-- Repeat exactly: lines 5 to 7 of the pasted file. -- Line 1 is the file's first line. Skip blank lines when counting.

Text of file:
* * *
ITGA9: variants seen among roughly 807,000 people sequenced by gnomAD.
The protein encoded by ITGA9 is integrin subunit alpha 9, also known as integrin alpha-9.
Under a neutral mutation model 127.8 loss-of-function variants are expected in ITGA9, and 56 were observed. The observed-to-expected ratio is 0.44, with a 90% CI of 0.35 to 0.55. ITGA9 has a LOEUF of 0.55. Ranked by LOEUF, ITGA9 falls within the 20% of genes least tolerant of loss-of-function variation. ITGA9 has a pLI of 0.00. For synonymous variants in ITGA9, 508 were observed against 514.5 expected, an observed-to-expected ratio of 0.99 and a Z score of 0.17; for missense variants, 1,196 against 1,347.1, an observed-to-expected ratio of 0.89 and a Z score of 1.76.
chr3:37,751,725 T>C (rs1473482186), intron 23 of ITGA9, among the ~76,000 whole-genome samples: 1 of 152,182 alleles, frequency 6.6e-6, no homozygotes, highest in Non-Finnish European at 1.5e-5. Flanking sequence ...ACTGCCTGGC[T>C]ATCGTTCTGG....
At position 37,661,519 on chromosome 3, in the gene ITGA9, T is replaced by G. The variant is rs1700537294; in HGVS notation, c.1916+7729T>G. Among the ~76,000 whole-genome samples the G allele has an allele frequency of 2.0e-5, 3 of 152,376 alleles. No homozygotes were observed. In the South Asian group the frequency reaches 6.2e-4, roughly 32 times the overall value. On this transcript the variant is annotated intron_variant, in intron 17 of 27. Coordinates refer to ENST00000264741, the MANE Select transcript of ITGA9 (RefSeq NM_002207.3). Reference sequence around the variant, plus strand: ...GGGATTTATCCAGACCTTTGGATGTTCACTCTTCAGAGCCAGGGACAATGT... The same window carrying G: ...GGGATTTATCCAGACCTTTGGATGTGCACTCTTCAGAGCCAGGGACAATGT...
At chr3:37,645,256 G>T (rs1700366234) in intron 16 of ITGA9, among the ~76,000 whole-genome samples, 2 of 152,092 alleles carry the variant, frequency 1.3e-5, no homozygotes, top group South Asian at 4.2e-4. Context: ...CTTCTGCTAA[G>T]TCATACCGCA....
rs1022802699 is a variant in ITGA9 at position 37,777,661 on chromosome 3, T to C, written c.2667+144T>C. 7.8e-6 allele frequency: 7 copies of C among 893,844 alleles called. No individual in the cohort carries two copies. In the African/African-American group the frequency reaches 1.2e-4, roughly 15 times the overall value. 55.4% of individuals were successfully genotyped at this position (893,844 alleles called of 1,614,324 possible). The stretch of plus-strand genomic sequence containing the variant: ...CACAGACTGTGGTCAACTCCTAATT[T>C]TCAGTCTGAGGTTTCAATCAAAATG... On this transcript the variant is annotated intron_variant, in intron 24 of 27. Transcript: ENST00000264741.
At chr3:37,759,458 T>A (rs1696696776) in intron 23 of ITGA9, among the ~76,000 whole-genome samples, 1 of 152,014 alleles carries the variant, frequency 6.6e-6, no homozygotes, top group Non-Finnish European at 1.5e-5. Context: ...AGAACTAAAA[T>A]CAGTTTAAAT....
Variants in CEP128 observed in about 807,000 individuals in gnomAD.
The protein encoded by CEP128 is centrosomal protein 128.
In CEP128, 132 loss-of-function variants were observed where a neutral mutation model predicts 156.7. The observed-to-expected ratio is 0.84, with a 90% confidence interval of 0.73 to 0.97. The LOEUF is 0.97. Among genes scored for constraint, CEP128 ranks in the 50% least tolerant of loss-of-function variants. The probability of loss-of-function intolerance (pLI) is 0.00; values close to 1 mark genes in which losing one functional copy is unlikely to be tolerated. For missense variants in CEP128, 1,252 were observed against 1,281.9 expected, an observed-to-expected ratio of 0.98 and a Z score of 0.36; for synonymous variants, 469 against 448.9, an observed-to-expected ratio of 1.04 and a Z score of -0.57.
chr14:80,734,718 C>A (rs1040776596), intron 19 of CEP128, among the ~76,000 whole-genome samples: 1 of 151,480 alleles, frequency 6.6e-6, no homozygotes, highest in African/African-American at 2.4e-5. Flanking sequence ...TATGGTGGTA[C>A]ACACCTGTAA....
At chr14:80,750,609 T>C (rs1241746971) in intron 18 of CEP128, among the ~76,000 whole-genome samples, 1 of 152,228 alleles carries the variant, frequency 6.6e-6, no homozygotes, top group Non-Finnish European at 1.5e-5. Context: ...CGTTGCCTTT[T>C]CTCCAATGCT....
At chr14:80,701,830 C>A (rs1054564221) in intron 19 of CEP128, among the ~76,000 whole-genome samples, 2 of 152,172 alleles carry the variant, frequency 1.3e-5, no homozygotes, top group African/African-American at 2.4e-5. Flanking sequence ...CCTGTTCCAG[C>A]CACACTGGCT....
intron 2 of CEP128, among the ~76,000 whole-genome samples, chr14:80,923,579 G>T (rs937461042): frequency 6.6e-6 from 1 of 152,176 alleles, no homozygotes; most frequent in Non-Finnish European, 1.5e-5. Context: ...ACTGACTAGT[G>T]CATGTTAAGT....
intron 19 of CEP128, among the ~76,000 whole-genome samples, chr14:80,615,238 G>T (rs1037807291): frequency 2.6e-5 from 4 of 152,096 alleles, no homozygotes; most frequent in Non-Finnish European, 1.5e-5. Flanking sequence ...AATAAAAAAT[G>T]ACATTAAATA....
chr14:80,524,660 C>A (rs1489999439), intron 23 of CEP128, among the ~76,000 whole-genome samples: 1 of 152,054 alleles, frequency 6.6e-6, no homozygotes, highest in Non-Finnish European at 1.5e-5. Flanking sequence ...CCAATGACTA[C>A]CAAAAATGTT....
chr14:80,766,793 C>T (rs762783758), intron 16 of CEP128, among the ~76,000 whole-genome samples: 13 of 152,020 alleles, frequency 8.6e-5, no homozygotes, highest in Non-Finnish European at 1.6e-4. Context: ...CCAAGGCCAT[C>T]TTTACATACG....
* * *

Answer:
At position 37,661,519 on chromosome 3, in the gene ITGA9, T is replaced by G. The variant is rs1700537294; in HGVS notation, c.1916+7729T>G. Among the ~76,000 whole-genome samples the G allele has an allele frequency of 2.0e-5, 3 of 152,376 alleles. No homozygotes were observed. In the South Asian group the frequency reaches 6.2e-4, roughly 32 times the overall value. On this transcript the variant is annotated intron_variant, in intron 17 of 27. Coordinates refer to ENST00000264741, the MANE Select transcript of ITGA9 (RefSeq NM_002207.3). Reference sequence around the variant, plus strand: ...GGGATTTATCCAGACCTTTGGATGTTCACTCTTCAGAGCCAGGGACAATGT... The same window carrying G: ...GGGATTTATCCAGACCTTTGGATGTGCACTCTTCAGAGCCAGGGACAATGT...
At chr3:37,645,256 G>T (rs1700366234) in intron 16 of ITGA9, among the ~76,000 whole-genome samples, 2 of 152,092 alleles carry the variant, frequency 1.3e-5, no homozygotes, top group South Asian at 4.2e-4. Context: ...CTTCTGCTAA[G>T]TCATACCGCA....
rs1022802699 is a variant in ITGA9 at position 37,777,661 on chromosome 3, T to C, written c.2667+144T>C. 7.8e-6 allele frequency: 7 copies of C among 893,844 alleles called. No individual in the cohort carries two copies. In the African/African-American group the frequency reaches 1.2e-4, roughly 15 times the overall value. 55.4% of individuals were successfully genotyped at this position (893,844 alleles called of 1,614,324 possible). The stretch of plus-strand genomic sequence containing the variant: ...CACAGACTGTGGTCAACTCCTAATT[T>C]TCAGTCTGAGGTTTCAATCAAAATG... On this transcript the variant is annotated intron_variant, in intron 24 of 27. Transcript: ENST00000264741.